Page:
SINGAPORE (Reuters) – The dollar found a footing on Wednesday as investors returned to safe-havens, reversing some risk currency gains made on hopes the coronavirus crisis in Europe and New York was slowing.
FILE PHOTO: U.S. dollar banknote is seen in this picture illustration taken May 3, 2018. REUTERS/Dado Ruvic/Illustration/File Photo
The greenback rose on most majors, a day after suffering its worst drop against a basket of currencies in nearly two weeks.
It was not enough to recoup the ground given in recent days, but came after a sour end to trade on Wall Street on Tuesday and as a two-day rally in Asia’s equity markets ran out of puff. [MKTS/GLOB]
The largest gains came against the risk-sensitive Australian and New Zealand dollars, which each fell about 0.4%. [AUD/]
The Aussie has now been repelled twice in as many weeks from breaking past resistance at the 62-cent mark. It last stood at $0.6137 and the kiwi at $0.5962.
“It’s a two steps forward, one step back situation,” said Bank of Singapore currency analyst Moh Siong Sim.
“Optimism has been driven by the sense that perhaps the virus is turning for the better,” he said. “But markets are really concerned about the extent of the economic fallout which is just starting to show up in the numbers.”
The dollar, which for a month now has very closely tracked risk appetite as investors and businesses fearing the worst have rushed to the world’s reserve currency, edged up on the pound, euro, yen and Swiss franc.
It last stood 0.2% higher at $1.0871 per euro and the same margin higher against the pound at $1.2315, though remained well short of recovering falls made on Tuesday.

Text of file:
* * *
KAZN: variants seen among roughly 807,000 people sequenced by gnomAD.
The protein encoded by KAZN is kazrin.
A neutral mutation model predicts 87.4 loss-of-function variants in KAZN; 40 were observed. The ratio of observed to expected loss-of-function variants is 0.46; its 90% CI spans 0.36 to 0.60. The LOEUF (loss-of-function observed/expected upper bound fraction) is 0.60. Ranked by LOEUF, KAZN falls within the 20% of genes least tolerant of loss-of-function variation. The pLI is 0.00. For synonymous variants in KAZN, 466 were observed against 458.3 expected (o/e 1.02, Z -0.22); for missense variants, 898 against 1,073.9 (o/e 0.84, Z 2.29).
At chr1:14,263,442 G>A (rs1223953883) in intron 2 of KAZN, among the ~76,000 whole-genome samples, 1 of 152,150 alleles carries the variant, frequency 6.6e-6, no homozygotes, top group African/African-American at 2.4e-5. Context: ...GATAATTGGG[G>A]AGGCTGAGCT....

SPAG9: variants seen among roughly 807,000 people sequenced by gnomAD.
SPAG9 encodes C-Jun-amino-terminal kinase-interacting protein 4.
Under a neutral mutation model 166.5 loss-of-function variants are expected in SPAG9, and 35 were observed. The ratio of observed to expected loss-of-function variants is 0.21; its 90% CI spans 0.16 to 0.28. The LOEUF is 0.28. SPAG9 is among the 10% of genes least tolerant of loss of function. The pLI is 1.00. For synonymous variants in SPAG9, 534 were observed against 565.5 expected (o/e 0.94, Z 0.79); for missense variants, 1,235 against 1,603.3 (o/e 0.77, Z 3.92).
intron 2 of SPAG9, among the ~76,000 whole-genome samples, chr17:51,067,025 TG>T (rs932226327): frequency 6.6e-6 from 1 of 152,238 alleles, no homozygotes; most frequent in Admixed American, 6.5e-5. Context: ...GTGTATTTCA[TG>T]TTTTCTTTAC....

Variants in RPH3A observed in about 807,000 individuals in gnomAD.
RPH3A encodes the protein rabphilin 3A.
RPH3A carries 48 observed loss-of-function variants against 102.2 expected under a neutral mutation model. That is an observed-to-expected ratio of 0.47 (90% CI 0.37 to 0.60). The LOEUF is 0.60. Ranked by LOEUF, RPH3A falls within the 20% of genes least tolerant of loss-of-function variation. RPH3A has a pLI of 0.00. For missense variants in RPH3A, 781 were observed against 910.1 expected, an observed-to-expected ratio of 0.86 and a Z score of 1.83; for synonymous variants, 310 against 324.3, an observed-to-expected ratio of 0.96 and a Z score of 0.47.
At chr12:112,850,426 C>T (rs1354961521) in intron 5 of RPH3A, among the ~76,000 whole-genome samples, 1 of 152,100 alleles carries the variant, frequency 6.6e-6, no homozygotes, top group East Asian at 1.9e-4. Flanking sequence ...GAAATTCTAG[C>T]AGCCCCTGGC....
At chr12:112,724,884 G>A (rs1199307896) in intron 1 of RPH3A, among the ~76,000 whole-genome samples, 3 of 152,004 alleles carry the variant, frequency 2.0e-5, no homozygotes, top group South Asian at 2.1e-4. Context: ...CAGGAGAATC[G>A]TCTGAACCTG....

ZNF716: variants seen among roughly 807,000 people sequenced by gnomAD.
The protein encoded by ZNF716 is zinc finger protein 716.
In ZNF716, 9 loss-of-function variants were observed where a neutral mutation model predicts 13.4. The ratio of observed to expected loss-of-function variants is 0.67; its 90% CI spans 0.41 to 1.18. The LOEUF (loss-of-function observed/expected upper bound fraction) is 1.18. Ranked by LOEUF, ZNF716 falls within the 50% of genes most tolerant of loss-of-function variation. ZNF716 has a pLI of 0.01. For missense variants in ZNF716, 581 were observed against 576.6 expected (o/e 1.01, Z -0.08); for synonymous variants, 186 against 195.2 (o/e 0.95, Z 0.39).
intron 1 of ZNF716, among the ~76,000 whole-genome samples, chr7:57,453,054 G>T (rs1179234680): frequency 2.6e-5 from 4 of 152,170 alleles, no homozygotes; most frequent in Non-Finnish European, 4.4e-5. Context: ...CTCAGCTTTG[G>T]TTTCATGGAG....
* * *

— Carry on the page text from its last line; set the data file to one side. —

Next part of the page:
The greenback rose 0.2% on both the yen and franc to 108.93 yen and 0.9714 francs.
A Reuters tally shows 81,451 coronavirus-related deaths globally and nearly 1.4 million infections. British Prime Minister Boris Johnson, who is infected, remains in intensive care although his condition is stable.
Meanwhile, there are signs of a levelling off of hospitalisations in New York, and in Europe there are plans to begin easing some of the lockdowns as fatalities have been declining.
The Chinese city where the coronavirus epidemic first broke out, Wuhan, ended a two-month lockdown on Wednesday, although a northern town started restricting the movement of its residents amid concerns of a second wave of infections.
“What we see and hear from Wuhan will be quite important for whether any improvement in sentiment can be maintained,” said Ray Attrill, head of FX strategy at National Australia Bank.
“There is very keen interest in how willing Wuhan residents are to get out and about, and hope there won’t be evidence of re-infections any time soon.”
Mainland China’s new coronavirus cases have doubled in 24 hours and new asymptomatic infections more than quadrupled, while the economic cost of the pandemic becomes clearer.
Ratings agency S&P Global on Wednesday warned the cost of combating the virus would weigh heavily on Australia’s finances and changed the outlook for the country’s rating to negative.
Against a basket of currencies the dollar edged up 0.2% to 100.170 and it rose 0.3% against the Chinese yuan. [CNY/]
“While the virus’ curve is flattening, the economic effects of the corona crisis will linger for years,” said Commonwealth Bank of Australia currency analyst Joe Capurso.
“Economies will take time to re‑open, some businesses will not re-open, and unemployment will take years to (recover). We think that means the dollar and yen will re-strengthen.”
Editing by Sam Holmes and Jacqueline Wong